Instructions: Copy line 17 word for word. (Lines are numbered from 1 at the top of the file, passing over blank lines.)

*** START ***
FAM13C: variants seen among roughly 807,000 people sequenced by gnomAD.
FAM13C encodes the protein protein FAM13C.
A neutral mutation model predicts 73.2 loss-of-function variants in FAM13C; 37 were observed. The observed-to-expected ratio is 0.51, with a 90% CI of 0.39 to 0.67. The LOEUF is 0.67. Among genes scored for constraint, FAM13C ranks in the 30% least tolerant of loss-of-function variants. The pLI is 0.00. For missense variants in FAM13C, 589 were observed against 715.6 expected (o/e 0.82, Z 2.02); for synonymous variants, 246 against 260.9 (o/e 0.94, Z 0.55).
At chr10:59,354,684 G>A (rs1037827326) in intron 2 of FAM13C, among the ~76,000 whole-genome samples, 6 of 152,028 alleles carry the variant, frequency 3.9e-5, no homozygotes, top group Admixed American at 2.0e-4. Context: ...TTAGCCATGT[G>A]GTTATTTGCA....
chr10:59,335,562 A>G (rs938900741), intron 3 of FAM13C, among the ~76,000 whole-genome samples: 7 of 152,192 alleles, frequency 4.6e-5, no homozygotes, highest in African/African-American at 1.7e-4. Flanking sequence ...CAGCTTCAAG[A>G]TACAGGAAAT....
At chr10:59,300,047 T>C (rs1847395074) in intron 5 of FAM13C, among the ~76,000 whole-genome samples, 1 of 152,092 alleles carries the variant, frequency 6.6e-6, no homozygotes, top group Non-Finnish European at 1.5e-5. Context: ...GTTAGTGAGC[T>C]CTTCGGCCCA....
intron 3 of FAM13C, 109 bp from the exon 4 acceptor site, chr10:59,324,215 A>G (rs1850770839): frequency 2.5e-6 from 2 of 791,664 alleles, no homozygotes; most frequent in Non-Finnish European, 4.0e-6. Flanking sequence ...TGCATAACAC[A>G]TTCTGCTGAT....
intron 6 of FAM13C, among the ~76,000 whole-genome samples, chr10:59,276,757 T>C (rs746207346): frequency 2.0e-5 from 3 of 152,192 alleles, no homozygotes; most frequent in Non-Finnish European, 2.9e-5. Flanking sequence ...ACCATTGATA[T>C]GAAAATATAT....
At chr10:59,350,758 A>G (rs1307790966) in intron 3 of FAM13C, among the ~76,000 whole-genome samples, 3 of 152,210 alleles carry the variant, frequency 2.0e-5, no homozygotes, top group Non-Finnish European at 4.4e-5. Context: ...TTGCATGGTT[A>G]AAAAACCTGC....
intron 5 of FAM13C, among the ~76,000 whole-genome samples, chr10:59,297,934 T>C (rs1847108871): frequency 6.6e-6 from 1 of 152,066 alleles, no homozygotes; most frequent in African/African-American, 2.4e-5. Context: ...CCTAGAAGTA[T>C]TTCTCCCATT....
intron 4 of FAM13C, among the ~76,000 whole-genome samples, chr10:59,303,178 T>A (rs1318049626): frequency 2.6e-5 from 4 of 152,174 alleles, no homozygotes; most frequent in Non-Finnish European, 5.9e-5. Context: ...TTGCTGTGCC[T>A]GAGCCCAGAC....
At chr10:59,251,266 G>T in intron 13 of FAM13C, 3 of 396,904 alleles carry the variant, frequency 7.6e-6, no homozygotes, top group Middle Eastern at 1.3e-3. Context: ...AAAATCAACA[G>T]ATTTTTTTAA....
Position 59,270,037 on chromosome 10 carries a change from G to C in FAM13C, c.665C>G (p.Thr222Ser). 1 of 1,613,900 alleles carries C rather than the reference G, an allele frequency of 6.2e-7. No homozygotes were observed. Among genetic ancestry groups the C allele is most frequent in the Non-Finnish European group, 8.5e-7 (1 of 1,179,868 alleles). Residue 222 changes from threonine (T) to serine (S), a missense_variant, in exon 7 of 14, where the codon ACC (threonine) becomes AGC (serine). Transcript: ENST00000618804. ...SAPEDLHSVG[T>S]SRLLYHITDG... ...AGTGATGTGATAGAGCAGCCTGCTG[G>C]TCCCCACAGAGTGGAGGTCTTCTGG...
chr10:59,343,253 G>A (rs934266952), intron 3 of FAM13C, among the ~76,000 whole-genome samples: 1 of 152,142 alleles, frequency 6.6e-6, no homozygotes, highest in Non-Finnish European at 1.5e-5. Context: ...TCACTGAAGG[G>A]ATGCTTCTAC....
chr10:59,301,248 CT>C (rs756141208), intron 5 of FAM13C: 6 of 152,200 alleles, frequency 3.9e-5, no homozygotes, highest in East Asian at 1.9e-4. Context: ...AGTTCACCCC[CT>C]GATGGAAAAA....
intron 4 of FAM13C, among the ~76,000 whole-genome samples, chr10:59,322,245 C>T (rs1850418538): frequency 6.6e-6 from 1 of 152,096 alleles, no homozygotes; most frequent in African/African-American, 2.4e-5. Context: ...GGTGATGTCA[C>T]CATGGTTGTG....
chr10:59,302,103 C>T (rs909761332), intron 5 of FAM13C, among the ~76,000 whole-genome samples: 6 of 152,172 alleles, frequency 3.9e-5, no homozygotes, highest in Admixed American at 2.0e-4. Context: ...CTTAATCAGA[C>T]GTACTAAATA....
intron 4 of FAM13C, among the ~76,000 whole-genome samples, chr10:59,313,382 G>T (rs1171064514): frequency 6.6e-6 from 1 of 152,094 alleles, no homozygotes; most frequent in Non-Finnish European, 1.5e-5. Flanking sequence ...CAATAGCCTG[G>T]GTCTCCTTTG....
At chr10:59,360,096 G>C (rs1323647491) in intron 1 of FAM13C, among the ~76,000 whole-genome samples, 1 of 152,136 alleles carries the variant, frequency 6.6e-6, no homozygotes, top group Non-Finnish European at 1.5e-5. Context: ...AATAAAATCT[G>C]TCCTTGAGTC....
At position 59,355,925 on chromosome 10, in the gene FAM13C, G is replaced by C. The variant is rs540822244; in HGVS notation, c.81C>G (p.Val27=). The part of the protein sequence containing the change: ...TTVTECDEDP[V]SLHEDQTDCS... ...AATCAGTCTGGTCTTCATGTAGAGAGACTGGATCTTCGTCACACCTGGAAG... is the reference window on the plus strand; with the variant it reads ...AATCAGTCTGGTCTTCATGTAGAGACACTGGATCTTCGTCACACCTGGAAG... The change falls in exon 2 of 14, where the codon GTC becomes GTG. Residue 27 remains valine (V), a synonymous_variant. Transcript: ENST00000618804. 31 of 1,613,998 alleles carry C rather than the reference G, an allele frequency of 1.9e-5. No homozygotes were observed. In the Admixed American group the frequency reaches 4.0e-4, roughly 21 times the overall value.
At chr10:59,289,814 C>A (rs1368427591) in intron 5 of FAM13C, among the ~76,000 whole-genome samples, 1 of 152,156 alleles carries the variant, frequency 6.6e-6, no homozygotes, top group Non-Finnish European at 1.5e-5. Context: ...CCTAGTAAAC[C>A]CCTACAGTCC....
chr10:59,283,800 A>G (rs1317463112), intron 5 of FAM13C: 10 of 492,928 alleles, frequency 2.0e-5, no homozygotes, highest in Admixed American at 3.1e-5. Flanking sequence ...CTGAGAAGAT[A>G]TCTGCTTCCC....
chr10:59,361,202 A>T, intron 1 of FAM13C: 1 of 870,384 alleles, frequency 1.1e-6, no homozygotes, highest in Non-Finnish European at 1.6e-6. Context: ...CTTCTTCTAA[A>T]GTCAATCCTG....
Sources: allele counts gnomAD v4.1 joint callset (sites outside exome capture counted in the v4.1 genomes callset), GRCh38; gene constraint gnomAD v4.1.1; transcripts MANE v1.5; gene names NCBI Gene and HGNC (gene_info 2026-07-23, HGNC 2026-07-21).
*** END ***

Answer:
chr10:59,302,103 C>T (rs909761332), intron 5 of FAM13C, among the ~76,000 whole-genome samples: 6 of 152,172 alleles, frequency 3.9e-5, no homozygotes, highest in Admixed American at 2.0e-4. Context: ...CTTAATCAGA[C>T]GTACTAAATA....